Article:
ANZ thrives in the land of low costs

ANZ Bank's first-half increase was driven by its push to reduce costs, and if the rest of the big four can do the same the year's end should see them very strongly positioned.

There was a point last year when the chief executives of all the major banks came to a very similar conclusion. There would be no early return to the era of strong credit growth and therefore, to drive profitability in the near term, they had to drive down their costs.

The strong ANZ interim result today is a testimony to the ability of Mike Smith and his team to execute their program.

On a cash basis ANZ’s net operating income actually fell between the September and March halves, from $9.13 billion to $9.09 billion. Operating expenses, however, were 8 per cent, or $352 million, lower at $4 billion with the number of group employees (full-time equivalents) down 2 per cent from the September half and 4 per cent, or just over 2000, from the corresponding half last year.

With a modest ($89 million) reduction in charges for bad and doubtful debts, the cost-reductions were the major factor in  the 10 per cent lift in pre-tax earnings relative to the September half (11 per cent against the same half previously) and the 8 per cent increase in after-tax earnings to $3.18 billion. ANZ’s cost-to-income ratio was cut from 48 per cent to 44.4 per cent.

That productivity-driven improvement in performance (profit per average employee has risen from $58,116 a year ago to $66,847) enabled ANZ to push its return on equity back up from 14.7 per cent in the September half to 15.5 per cent, the same level that it achieved in the March half last year.

ANZ also increased its interim dividend from 66 cents to 73 cents, although this was largely due to the re-weighting of its dividend strategy previously weighted heavily towards the second half. The dividend represents a payout ratio of 63 per cent and Smith said his board believed a full-year ratio of between 65 per cent and 70 per cent was sustainable in the medium term, with a bias to the upper end of the range. The sharemarket liked that.

The result wasn’t exclusively about costs. ANZ also generated some modest volume growth, with net loans and advances up 3 per cent on the September half and 7 per cent on the previous corresponding period as ANZ experienced above-system growth in mortgages and commercial banking in its core Australian business.

Combined with a small (3 basis points excluding markets income) improvement in net interest margins in Australia, mainly because of that volume growth, the Australian division’s earnings grew 7 per cent, to $826 million.

Much stronger growth was experienced by the international and institutional banking division, where cash earnings rose $247 million, or 26 per cent, New Zealand (up 24 per cent) and global wealth (up 20 per cent).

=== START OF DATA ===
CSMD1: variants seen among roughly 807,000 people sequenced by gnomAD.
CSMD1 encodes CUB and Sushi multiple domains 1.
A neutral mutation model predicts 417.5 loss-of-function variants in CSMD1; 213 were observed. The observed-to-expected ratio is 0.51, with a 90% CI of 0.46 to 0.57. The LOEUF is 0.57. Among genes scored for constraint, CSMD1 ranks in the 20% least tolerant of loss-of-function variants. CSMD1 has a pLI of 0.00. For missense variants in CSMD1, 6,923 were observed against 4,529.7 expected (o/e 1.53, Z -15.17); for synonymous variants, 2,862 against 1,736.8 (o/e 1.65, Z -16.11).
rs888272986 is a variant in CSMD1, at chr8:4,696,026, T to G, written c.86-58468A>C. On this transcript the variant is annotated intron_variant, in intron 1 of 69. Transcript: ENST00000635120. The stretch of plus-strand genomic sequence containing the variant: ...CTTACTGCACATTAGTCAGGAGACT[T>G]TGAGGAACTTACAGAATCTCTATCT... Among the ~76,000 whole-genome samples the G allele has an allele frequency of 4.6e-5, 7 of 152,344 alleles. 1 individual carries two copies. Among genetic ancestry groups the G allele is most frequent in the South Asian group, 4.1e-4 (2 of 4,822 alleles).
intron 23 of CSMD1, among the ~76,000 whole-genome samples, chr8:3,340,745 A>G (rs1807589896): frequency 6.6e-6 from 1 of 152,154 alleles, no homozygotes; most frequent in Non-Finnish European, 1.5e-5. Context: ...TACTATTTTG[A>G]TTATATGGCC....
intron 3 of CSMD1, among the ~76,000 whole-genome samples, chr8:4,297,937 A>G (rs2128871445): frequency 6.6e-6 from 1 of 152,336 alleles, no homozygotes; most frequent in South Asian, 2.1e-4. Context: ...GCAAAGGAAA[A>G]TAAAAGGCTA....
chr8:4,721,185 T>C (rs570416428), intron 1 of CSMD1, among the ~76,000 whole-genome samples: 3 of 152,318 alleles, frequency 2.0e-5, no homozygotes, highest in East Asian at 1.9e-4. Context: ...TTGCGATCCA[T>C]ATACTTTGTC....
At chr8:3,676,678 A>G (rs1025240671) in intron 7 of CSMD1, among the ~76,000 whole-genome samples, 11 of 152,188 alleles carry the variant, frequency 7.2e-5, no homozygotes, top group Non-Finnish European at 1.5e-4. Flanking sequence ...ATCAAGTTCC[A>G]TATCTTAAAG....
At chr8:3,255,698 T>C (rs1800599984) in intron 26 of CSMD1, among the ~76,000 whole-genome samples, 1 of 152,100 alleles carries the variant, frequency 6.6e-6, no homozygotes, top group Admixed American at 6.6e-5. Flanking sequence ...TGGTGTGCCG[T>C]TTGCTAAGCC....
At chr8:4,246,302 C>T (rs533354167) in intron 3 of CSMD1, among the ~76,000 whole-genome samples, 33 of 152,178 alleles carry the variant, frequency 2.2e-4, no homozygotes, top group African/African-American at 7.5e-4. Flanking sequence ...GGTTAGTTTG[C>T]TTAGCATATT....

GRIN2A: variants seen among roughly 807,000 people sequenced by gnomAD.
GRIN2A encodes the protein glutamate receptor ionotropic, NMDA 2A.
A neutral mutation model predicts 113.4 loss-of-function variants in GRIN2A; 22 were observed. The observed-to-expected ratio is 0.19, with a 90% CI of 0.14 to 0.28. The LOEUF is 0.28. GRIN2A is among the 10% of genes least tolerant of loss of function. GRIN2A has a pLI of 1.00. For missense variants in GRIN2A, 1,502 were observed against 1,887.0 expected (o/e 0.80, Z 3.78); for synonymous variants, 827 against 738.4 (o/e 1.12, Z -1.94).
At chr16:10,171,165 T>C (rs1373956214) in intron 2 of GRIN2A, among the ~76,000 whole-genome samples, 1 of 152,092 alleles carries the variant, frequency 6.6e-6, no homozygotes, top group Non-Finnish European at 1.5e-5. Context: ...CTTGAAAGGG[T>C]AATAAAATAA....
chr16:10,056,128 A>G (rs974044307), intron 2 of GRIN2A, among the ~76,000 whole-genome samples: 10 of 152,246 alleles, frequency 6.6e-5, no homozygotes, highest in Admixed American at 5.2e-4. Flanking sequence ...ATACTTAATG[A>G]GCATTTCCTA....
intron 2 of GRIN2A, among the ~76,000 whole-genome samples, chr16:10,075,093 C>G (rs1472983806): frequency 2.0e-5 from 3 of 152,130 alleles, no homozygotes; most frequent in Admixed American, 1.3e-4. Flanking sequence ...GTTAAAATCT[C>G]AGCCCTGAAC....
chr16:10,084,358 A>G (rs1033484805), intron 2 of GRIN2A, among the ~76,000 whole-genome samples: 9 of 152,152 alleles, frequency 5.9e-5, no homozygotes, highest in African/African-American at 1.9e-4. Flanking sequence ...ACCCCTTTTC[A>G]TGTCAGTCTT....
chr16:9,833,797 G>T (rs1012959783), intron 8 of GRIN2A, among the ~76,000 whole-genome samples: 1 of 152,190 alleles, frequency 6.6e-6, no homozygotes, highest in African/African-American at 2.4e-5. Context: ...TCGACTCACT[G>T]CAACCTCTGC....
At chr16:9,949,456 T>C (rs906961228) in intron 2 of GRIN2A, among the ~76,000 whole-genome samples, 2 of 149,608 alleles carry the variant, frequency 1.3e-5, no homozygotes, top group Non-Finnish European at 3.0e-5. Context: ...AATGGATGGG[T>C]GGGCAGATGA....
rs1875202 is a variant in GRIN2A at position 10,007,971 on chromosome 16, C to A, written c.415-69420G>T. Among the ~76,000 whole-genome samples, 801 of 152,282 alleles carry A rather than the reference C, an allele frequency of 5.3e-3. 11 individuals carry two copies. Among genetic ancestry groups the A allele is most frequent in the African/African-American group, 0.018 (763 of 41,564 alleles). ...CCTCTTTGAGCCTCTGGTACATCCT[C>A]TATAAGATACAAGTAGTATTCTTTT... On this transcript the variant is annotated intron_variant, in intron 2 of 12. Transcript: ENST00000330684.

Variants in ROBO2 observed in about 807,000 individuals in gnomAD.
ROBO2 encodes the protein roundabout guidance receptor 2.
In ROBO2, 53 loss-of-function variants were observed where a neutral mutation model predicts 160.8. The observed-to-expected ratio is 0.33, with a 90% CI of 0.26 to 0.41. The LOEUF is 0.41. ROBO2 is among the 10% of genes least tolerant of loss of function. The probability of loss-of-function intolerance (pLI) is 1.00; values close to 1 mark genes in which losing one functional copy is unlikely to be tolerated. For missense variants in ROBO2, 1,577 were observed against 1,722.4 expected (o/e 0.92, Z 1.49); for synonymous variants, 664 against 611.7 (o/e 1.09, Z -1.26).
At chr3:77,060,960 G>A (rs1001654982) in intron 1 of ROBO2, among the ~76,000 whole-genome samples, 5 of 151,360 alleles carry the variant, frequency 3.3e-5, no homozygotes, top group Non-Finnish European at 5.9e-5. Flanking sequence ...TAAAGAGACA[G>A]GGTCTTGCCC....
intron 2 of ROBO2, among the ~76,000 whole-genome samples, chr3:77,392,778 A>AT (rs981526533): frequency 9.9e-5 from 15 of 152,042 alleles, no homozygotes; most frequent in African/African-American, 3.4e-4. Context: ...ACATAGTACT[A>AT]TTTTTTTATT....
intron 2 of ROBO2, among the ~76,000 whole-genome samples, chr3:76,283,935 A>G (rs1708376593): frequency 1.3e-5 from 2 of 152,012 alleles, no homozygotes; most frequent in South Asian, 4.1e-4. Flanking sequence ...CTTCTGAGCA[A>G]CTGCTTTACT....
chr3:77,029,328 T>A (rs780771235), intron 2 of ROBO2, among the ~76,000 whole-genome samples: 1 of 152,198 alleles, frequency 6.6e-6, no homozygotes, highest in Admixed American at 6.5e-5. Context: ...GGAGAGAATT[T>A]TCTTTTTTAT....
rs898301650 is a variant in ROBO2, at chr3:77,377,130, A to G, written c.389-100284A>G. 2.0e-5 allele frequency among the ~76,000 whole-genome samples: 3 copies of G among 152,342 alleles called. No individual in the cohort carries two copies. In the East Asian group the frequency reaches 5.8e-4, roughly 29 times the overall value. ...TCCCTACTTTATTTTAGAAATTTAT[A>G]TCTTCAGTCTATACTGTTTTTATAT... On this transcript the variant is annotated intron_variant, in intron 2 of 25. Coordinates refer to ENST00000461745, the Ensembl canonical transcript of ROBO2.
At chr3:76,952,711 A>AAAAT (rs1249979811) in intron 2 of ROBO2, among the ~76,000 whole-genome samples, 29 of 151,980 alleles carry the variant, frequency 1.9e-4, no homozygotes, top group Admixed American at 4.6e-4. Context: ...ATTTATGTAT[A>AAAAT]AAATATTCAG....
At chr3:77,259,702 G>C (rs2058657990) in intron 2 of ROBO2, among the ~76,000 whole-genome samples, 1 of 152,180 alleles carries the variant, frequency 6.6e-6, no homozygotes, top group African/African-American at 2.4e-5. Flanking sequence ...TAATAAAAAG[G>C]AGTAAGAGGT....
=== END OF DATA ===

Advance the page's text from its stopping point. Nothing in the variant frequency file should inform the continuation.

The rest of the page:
ANZ, of course, has a differentiated strategy to its peers because of its ‘’super regional’’ ambitions, which helped the Asia Pacific, Europe and Americas network deliver 20 per cent of group revenues in the half.

While operating income within Asia grew only a modest 5 per cent between September and March, it was 11 per cent higher than the March half last year and, with nearly 16,000 staff and an annualised income base of more than $2 billion, the Asian operations are now a very material part of the group.

ANZ has deepening relationships with customers as it shifts its emphasis to 'flow' and value-added products to reduce its reliance on riskier lending and improve its returns on capital but now that it has scale in the region it is also starting to improve the productivity of its Asian network.

The group remains conservatively capitalised, with a common equity tier one ratio of 8.2 per cent and is about half-way through its $20 billion to $25 billion term wholesale funding program for this year.

While its levels of deposit funding stabilised during the half, at 61 per cent, the costs of deposits relative to wholesale funding and the swap rate has continued to rise, although wholesale funding costs are now trending down.

The majors ought to be in a position by the end of this year where their older and higher-cost term funding has been worked out of their books and their average (rather than incremental) wholesale borrowing costs start falling. That will give them some scope to either widen their margins and/or pass through some of the benefit to customers.

Later this week Westpac will produce its March half result and then it will be National Australia Bank’s turn to reveal how well it has executed its push to improve its productivity.

For the foreseeable future, in an environment of fragile business and consumer confidence and weak demand for credit, evaluations of the majors will be heavily focused on their performance on costs.

ANZ has got this round of bank reporting off to a very solid start.

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